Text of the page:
US Court of Appeals for the Seventh Circuit
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Seventh Circuit Reevaluates and Adopts More Stringent FCA Causation Standard

On October 23, 2017, the US Court of Appeals for the Seventh Circuit reversed itself by determining that proximate cause—and not the “but-for” causation test that the court adopted 25 years ago—is the appropriate standard to determine causation in a claim under the False Claims Act (FCA). United States v. Luce, No. 16-4093 (7th Cir. Oct. 23, 2017). The United States brought suit against defendant Robert S. Luce under the FCA and the Financial Institutions Reform, Recovery and Enforcement Act (FIRREA) in 2011 based upon Fair Housing Act (FHA) certifications included in annual verification reports that Luce and his subordinates signed on behalf of the mortgage company he owned and operated. Although Luce had been indicted in 2005 for an unrelated matter, the mortgage company continued to submit certifications stating that no officers of the company were then subject to criminal proceedings. Only in February 2008, after almost three years had passed since the...

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Nurse-Relator’s Personal Opinion About Medical Necessity Insufficient To Support FCA Complaint, Holds Seventh Circuit

On September 1, 2016, the US Court of Appeals for the Seventh Circuit largely affirmed dismissal of a relator’s amended complaint pursuant to the particularity requirement of Fed. R. Civ. P. 9(b). In US ex rel. Presser v. Acacia Mental Health Clinic, LLC, the relator, a nurse, alleged that a number of practices at a clinic where she worked were not medically necessary. These were: requiring patients to see multiple practitioners before receiving medication; requiring patients to undergo mandatory drug screenings at each visit; and requiring patients to come to the clinic in-person in order to receive a prescription or speak to a doctor. (The relator also alleged that clinic misused a billing code. This was the only claim the Seventh Circuit permitted to go forward.) In dismissing the majority of the relator’s complaint, the Seventh Circuit began with a robust discussion of the importance of Rule 9(b) in screening out baseless False Claims Act (FCA) claims:...

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Seventh Circuit Affirms Summary Judgment for Federal Subcontractor in FCA Suit Regarding Fringe Benefit Withholdings

On July 7, 2016, the US Court of Appeals for the Seventh Circuit affirmed the US District Court for the Southern District of Indiana’s grant of summary judgment in favor of a federal subcontractor defendant facing False Claims Act (FCA) allegations. Notably, the Seventh Circuit rejected the district court’s original grounds for summary judgment, an “advice-of-accountant” defense, instead finding that applicable regulations and the trial record created ambiguity making it impossible to demonstrate the defendant’s knowing submission of false claims. The relator’s FCA claims were premised on alleged violations of the Davis-Bacon Act, which requires that federal construction contractors pay their workers the “prevailing wage.” 40 U.S.C. § 3142(a). US Department of Labor regulations provide further specifics on base wage rates and fringe benefits (i.e., life, dental, vision and health insurance) for varied types of workers. The relator, a union comprised of...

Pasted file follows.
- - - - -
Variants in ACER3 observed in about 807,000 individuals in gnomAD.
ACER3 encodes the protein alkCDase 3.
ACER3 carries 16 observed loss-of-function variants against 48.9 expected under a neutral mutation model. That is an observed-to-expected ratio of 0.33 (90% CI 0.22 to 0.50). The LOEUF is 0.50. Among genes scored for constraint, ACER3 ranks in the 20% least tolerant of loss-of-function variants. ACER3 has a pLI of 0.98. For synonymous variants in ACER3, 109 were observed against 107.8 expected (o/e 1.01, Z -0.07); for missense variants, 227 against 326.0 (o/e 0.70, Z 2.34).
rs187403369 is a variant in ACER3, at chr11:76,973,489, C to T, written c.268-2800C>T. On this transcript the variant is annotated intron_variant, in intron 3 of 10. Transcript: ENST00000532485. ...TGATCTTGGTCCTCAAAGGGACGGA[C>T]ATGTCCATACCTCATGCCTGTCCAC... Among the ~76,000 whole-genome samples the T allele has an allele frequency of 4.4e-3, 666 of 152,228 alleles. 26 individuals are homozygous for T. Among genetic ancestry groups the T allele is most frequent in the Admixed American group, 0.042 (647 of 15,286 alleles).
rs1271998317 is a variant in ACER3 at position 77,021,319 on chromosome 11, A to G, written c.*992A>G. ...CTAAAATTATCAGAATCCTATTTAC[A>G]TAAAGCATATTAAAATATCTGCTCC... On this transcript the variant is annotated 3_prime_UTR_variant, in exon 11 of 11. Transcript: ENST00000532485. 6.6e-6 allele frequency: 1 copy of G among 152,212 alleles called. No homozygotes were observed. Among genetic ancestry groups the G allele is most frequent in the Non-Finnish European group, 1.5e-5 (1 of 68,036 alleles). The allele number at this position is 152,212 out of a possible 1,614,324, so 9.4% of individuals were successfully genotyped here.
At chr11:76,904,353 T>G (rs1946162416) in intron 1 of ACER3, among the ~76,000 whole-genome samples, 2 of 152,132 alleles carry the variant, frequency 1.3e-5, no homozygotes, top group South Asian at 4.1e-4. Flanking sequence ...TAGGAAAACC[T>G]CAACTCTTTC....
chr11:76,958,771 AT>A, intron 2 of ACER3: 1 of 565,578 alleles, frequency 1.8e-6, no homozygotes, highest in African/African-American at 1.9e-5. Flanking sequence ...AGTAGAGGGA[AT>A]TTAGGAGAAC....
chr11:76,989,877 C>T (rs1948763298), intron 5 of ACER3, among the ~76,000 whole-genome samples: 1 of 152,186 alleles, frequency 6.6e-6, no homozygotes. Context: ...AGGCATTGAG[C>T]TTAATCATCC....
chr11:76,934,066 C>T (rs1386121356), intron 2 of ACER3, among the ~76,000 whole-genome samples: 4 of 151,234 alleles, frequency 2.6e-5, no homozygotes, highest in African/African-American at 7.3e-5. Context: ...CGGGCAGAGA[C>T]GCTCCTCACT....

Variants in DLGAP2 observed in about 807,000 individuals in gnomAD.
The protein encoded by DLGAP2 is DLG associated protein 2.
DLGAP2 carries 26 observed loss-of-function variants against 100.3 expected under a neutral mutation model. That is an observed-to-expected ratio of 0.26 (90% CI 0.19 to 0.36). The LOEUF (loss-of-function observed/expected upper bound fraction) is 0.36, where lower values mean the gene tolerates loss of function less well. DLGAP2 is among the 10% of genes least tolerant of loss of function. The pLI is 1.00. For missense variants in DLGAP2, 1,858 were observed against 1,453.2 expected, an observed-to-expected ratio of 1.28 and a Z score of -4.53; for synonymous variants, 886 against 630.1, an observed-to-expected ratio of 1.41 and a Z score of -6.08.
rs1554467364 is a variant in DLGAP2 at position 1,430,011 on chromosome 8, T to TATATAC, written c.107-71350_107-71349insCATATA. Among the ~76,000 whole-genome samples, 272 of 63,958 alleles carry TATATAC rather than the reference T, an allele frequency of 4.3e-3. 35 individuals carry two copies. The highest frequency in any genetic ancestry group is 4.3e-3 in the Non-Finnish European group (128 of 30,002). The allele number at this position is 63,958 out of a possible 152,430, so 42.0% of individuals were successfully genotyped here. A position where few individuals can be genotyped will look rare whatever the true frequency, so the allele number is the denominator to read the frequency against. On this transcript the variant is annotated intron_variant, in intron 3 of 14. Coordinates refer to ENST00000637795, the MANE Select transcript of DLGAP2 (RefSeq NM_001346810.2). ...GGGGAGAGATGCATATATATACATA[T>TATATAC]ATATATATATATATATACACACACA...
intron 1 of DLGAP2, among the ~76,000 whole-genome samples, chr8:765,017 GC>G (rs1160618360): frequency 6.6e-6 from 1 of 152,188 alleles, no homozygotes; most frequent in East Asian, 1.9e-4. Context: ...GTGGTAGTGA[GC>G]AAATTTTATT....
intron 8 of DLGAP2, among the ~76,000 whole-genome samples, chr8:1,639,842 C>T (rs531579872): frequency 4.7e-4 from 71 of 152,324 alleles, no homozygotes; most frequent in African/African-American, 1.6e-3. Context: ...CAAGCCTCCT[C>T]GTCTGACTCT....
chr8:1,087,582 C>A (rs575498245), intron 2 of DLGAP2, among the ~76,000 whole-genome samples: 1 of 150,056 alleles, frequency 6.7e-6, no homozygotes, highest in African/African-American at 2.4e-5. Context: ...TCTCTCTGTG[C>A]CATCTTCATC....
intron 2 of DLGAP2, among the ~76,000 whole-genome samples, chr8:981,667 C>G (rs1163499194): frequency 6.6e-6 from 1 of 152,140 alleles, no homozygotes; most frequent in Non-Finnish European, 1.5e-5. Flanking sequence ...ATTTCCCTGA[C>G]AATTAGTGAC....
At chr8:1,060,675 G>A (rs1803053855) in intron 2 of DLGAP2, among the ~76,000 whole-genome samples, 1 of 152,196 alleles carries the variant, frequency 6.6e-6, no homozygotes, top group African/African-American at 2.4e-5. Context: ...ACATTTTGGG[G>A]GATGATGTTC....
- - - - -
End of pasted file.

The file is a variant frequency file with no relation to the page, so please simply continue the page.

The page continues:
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Seventh Circuit Strictly Construes Original Source Requirement Against ‘Bounty-Hunting’ Relator

In a decision released yesterday in U.S. ex rel. Bogina v. Medline Industries, Inc., the U.S. Court of Appeals for the Seventh Circuit affirmed a district court’s dismissal of a relator’s False Claims Act (FCA) complaint, holding that the complaint’s allegations had been publicly disclosed in a prior, settled lawsuit and the relator was not an original source. The opinion, authored by Judge Richard Posner, described FCA relators as “bounty hunters” and observed that the FCA imposes obstacles on parasitic bounty-hunting relators who seek to “be handsomely compensated if the[ir] suit succeeds.” Among those obstacles is the FCA’s public disclosure bar, which Judge Posner’s opinion ensures has sharp teeth in the Seventh Circuit. First, the court held that the 2010 amendments to the original source exception the public disclosure bar, requiring a relator to “materially add” to publicly disclosed allegations in order to surmount the bar, could be applied...

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